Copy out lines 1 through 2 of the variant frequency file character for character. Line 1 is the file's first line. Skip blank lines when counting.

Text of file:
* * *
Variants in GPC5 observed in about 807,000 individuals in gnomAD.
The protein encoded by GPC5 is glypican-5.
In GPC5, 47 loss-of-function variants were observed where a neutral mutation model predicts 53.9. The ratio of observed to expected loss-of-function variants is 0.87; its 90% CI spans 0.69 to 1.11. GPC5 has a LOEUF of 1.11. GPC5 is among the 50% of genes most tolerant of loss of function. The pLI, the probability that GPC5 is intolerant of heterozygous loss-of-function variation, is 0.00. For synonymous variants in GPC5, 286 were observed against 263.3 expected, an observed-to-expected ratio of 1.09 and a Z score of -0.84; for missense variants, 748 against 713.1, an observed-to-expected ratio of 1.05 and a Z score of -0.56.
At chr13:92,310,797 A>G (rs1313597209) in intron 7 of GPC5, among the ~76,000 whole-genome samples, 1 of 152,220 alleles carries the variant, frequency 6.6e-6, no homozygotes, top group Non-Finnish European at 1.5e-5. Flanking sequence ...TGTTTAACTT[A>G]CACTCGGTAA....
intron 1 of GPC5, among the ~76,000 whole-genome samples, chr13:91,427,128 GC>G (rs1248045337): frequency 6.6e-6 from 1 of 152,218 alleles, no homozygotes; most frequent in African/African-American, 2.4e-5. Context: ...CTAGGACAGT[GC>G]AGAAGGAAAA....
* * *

Variants in GPC5 observed in about 807,000 individuals in gnomAD.
The protein encoded by GPC5 is glypican-5.